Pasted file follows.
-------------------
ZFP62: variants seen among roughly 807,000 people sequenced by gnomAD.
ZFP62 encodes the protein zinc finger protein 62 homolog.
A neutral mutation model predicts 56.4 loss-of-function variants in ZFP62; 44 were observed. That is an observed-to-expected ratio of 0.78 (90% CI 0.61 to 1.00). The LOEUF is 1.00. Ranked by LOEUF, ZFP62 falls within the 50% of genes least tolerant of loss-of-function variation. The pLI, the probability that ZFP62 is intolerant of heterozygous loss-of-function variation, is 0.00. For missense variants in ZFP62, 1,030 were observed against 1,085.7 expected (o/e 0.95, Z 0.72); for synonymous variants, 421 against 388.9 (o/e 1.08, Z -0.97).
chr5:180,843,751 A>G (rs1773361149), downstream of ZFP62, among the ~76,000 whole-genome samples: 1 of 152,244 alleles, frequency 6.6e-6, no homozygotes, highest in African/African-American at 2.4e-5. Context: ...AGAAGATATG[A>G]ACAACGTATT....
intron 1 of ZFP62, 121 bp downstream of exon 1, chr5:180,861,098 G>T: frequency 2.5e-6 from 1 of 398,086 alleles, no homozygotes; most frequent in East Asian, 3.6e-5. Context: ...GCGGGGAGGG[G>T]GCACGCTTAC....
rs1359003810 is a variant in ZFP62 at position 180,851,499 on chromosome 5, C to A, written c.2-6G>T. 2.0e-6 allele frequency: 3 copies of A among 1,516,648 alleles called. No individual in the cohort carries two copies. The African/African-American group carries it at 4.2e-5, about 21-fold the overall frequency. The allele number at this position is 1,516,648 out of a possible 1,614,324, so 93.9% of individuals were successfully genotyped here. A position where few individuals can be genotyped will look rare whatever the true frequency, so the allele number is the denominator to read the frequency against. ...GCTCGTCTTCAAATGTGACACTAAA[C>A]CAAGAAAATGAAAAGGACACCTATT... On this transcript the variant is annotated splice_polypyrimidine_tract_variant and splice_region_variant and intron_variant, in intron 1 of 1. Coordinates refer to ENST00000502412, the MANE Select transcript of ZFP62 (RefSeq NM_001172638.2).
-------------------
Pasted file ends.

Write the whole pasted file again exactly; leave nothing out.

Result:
ZFP62: variants seen among roughly 807,000 people sequenced by gnomAD.
ZFP62 encodes the protein zinc finger protein 62 homolog.
A neutral mutation model predicts 56.4 loss-of-function variants in ZFP62; 44 were observed. That is an observed-to-expected ratio of 0.78 (90% CI 0.61 to 1.00). The LOEUF is 1.00. Ranked by LOEUF, ZFP62 falls within the 50% of genes least tolerant of loss-of-function variation. The pLI, the probability that ZFP62 is intolerant of heterozygous loss-of-function variation, is 0.00. For missense variants in ZFP62, 1,030 were observed against 1,085.7 expected (o/e 0.95, Z 0.72); for synonymous variants, 421 against 388.9 (o/e 1.08, Z -0.97).
chr5:180,843,751 A>G (rs1773361149), downstream of ZFP62, among the ~76,000 whole-genome samples: 1 of 152,244 alleles, frequency 6.6e-6, no homozygotes, highest in African/African-American at 2.4e-5. Context: ...AGAAGATATG[A>G]ACAACGTATT....
intron 1 of ZFP62, 121 bp downstream of exon 1, chr5:180,861,098 G>T: frequency 2.5e-6 from 1 of 398,086 alleles, no homozygotes; most frequent in East Asian, 3.6e-5. Context: ...GCGGGGAGGG[G>T]GCACGCTTAC....
rs1359003810 is a variant in ZFP62 at position 180,851,499 on chromosome 5, C to A, written c.2-6G>T. 2.0e-6 allele frequency: 3 copies of A among 1,516,648 alleles called. No individual in the cohort carries two copies. The African/African-American group carries it at 4.2e-5, about 21-fold the overall frequency. The allele number at this position is 1,516,648 out of a possible 1,614,324, so 93.9% of individuals were successfully genotyped here. A position where few individuals can be genotyped will look rare whatever the true frequency, so the allele number is the denominator to read the frequency against. ...GCTCGTCTTCAAATGTGACACTAAA[C>A]CAAGAAAATGAAAAGGACACCTATT... On this transcript the variant is annotated splice_polypyrimidine_tract_variant and splice_region_variant and intron_variant, in intron 1 of 1. Coordinates refer to ENST00000502412, the MANE Select transcript of ZFP62 (RefSeq NM_001172638.2).